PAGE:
A Top Ten

FT + New York London Paris Munich1 comment • 2,649 views

Oddly enough I’m feeling happier about music, and writing about music, than I have for a couple of years. 2006 is going to be a treat: I want to get there quickly, not look back.

So I got a machine to look back for me. I was a late iPod adopter but it’s come in useful, and it has a neat little feature which counts up how often I’ve played each track on it. So this Top 10 is quite simply the ten current tracks I’ve listened to most. I left out one record – Inaya Day’s “Nasty Girl” – because it was on my wife’s playlists more than mine – but otherwise this seems an accurate half of a story.

That half of the story happened in my living room, and among my fellow message-board co-dependents. The other half happened away from headphones, further out in the world, finding or rediscovering or refreshing places for music to happen to me. Places like:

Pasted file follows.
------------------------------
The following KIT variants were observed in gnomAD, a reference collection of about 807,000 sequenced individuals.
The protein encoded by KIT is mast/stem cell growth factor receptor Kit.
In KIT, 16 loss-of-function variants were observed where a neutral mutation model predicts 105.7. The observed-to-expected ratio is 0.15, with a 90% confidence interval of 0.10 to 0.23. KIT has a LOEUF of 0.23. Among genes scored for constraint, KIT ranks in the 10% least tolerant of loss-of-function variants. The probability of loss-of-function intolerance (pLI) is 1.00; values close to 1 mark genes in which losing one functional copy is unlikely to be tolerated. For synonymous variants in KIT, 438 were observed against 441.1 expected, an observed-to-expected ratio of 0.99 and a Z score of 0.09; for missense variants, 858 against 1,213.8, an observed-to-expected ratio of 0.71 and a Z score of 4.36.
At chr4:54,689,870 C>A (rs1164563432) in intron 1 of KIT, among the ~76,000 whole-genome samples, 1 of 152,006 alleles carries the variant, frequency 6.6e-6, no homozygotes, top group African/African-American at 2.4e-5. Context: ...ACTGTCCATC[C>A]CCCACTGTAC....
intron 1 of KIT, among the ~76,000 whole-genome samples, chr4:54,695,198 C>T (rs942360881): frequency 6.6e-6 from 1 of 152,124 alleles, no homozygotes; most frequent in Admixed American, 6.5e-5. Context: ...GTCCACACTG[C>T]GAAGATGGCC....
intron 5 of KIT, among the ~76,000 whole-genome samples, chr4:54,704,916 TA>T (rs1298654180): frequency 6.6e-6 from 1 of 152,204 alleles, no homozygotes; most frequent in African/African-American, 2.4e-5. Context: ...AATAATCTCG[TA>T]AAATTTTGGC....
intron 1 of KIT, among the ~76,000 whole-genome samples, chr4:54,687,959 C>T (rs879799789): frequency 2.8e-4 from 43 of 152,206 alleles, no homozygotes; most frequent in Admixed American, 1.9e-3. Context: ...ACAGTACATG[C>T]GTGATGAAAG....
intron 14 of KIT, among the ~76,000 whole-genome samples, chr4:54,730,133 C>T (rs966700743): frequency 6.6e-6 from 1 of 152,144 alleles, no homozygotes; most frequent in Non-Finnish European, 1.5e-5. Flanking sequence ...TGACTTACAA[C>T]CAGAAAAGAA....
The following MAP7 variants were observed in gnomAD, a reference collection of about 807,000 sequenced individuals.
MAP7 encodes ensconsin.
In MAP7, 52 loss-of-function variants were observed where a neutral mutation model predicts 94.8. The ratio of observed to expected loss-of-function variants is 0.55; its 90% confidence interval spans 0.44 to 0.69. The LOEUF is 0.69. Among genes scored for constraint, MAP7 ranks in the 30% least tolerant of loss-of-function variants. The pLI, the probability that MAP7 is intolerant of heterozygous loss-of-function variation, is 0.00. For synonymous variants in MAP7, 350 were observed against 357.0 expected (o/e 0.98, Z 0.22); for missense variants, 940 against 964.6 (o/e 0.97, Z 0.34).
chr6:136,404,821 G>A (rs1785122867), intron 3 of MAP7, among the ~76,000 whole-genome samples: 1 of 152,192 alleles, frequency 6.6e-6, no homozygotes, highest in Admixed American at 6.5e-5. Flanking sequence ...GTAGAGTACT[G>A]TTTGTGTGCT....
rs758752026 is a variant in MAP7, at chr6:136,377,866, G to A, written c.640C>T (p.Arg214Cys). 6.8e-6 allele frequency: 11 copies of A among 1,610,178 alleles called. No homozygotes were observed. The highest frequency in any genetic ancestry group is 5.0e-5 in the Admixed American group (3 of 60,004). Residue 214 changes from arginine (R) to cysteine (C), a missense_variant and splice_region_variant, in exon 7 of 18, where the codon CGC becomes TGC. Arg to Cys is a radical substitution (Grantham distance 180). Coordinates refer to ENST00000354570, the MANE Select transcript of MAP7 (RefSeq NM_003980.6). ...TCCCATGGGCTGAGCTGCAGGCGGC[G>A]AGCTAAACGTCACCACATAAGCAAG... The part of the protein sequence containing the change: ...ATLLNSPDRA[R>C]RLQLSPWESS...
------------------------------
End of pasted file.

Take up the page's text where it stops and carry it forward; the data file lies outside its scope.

– Seattle, for the EMP conference. Jetlag and a hectic schedule meant I didn’t spend as much time with the people I met as I’d planned, but the event reminded me how exciting thinking about music can be (and also how boring it sometimes is).

– My office. I’m lucky enough to work with people who I actually like, and who like music enough to argue with me about it. Working there has made me explain things I’d dismissed as obvious and like things I’d simply dismissed. I’m also lucky enough to work at a place that has the radio on all day. Maybe it’s obvious – to everyone but me-as-was – but listening to the radio makes you a better pop critic.

– Poptimism. I’ve been DJing at club nights for a few years but Poptimism was the one that ‘clicked’, won its own crowd, and turned briefly into something special. To have it suddenly taken away was more than just irritating, but even if we don’t find a new venue in ’06 (and we will), it was a joy to do it, to give physical meaning and expression to our ideas about music, and to get ghastly drunk on cheap wine. Thanks to Steve, Pete and Alan, and thanks to everyone who came and joined in too.